Brian Viloria-Omar Nino Preview

               Brian Viloria vs. Omar Nino             

(WBO Flyweight Title)
12 Rounds, Pasig City, Philippines, May 12, 2012 (Integrated Sports PPV)
When former U.S. Olympian Brian Viloria squares off against rival Omar Nino this weekend in the Philippines, the question on everyone’s mind will be, “is the third time the charm?” Viloria faces his old nemesis Omar Nino for the third time on Saturday, and he is hoping to come away with his first victory in the trilogy.  In two previous meetings, Viloria was beaten decisively by decision (117-112, 118-110- 117-112) and managed only to secure a draw in the rematch (which was later changed to a no-contest after Nino tested positive for a banned substance after the fight).

Now, more than five years have passed since their last meeting, and Viloria, AKA “The Hawaiian Punch” enters this fight with a 30-3 (17) record, and a #1 world ranking according to boxrec.com at flyweight.  Since fighting to a draw with Nino in November 2006, Viloria has won 11 out of 13 fights, losing a majority decision to Edgar Sosa in 2007, and losing by TKO to 39th ranked Carlos Tamara in 2010.  He has won his last four fights, and in his two most recent outings he decisioned 15th rated Julio Cesar Miranda and stopped #9th rated Giovani Segura. 

For Omar Nino, his record since facing Viloria in 2006, is 6-2-1, and includes wins over 11th rated Sammy Gutierrez and 29th rated Rodel Mayol, and losses to 20th rated Gilberto Keb Bass and 105th rated Juanito Rubillar.  Nino is now 35 years old, and he currently finds himself occupying the 20th spot on boxrec.com’s top 108 pound list.

It should be another thrilling, close encounter between two excellent professionals who have intimate “ring knowledge” of one another, and you will want to tune in to find out whether Brian Viloria can find some retribution the third time around, or whether Omar Nino will once again prove himself to be the better of the two.

Brian Viloria

30-3 (17)

 

Omar Nino

31-4-2 (13)

A

Opposition & Experience

A-

C+

Punch Output

B+

B+

Boxing Ability & Intangibles

B+

B-

Aggression

B+

C-

Power

D

B+

Hand Speed

B+

B

Defense

B

A-

Chin

B+

B

Conditioning

B

C+

Punch Accuracy

B-

The Break Down

In his first fight with Nino, back in August of 2006, Brian Viloria fought tentatively, getting out-punched 778-398 and out-landed 245 to 113.  Nino was more aggressive, he countered well, and he took the fight to Viloria, getting off first and controlling the distance on the inside.  Viloria admittedly fought too hesitant, stating “I fought a stupid fight tonight.  I was waiting for him and I needed to throw my combinations like I was supposed to.  I needed to be a lot more aggressive.”  In their second meeting (three months later), Viloria displayed a much improved disposition and strategy, but still found himself being out-gunned and forced to settle with a majority decision draw (112-115, 113-113, 113-113) when it was all said and done.  This time, Viloria is riding a four fight win streak and he appears to be fighting better now than at any previous point in his career.  I think Viloria comes into this fight as the more experienced fighter (particularly of late), he is the slightly more powerful and durable of the two, and the advantages he ceded to Nino in the past two fights are things that can easily be corrected this time around.  Nino was more aggressive, and more active in their two previous encounters, but I think Viloria is more willing (and capable) of doing what is needed to win this time around.  “I’m really hungry to correct my past mistakes with my (upcoming) win over Nino,” said Viloria.  “I can’t wait; and it’s been my fuel and inspiration in training camp.”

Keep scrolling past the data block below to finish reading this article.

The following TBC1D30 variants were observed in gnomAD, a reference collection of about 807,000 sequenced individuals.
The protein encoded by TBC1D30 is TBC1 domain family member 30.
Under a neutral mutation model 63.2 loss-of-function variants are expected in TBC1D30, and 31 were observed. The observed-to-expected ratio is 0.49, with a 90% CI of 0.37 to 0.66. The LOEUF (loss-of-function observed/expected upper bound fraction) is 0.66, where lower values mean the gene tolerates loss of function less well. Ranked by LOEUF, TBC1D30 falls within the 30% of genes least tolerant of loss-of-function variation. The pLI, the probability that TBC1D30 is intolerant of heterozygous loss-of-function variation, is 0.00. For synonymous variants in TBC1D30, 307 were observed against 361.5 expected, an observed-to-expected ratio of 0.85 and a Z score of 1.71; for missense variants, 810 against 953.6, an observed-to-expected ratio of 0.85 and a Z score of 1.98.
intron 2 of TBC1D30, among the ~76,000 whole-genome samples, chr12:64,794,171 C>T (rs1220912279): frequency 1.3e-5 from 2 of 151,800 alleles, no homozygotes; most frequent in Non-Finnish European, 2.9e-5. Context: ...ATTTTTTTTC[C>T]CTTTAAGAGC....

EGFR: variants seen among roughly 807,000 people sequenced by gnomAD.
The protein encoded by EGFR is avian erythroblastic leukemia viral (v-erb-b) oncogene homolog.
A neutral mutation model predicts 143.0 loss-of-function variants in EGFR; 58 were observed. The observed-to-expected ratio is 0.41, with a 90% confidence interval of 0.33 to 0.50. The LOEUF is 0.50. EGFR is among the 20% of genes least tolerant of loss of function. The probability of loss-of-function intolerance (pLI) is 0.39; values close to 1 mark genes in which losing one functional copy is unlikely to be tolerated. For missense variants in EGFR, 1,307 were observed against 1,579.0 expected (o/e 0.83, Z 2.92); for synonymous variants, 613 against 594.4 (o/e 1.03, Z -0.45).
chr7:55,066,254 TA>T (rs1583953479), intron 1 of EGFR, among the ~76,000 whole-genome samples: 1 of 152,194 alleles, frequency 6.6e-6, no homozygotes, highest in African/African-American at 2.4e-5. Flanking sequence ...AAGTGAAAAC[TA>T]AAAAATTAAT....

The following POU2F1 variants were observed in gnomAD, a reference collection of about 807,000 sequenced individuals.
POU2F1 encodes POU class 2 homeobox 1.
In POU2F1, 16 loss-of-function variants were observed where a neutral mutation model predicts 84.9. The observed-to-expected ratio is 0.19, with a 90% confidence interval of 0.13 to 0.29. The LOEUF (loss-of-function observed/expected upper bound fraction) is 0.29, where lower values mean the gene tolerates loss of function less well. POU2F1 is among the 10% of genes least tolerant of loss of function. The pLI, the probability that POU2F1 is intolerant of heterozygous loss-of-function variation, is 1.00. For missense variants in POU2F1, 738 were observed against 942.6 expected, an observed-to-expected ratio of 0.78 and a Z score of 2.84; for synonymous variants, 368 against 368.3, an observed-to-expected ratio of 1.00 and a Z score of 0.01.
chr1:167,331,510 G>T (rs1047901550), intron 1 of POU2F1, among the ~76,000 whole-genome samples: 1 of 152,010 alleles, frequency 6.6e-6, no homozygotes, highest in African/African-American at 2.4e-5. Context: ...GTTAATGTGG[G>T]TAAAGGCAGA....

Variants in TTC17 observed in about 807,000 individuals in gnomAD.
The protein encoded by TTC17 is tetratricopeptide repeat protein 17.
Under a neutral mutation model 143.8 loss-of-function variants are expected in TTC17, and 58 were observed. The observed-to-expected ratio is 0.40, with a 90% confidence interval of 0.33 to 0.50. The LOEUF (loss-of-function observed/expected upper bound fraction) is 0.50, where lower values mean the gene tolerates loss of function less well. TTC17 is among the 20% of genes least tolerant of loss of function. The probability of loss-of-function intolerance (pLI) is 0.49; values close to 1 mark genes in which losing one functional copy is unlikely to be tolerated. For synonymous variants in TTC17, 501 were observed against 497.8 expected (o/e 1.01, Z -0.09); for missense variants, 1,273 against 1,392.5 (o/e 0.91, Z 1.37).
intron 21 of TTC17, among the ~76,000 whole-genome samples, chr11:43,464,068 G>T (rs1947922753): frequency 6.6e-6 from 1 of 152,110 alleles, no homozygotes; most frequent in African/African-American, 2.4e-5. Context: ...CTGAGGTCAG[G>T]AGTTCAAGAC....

For Nino, it is simply a matter of continuing to do what worked for him in the past.  Some fighters and styles will always match up favorably, and in the case of Nino-Viloria, the former may just have the latter’s number (think Orlando Salido and Juan Manuel Lopez).  I think it will be interesting to see who sets the pace and forces the tempo in this one.  If Viloria fights with a greater sense of urgency and doesn’t throw punches from too far out (as he is sometimes accustomed to doing) than I think he stands a good chance of getting the elusive win.  However, if Nino presses the action, lands accurate shots and outhustles him, we could witness a carbon copy battle (and outcome). 

Conclusion

The outcome of this fight will be affected largely by two factors; the law of averages, and the “inspired” performances of late by Brian Viloria.  In his last two outings Viloria beat two very good fighters, and it would appear that he is entering this fight on a career high.  I also think the powers of redemption, such as they are, create an overwhelming sense of motivation for Viloria to succeed this time around.  Plus, if these two fought ten times I think Viloria would likely win an equal share.  Therefore, with the series now favoring Nino 1-0-1, I think Viloria is in a good position as he travels back to the familiar confines of the Philippines, touting a new belt and a greater sense of confidence.  He is younger, he seems prepared mentally, and he is coming off an exceptional performance in which he not only stopped Giovani Segura, but also dominated him over the course of 7 rounds.

(Viloria by unanimous decision)

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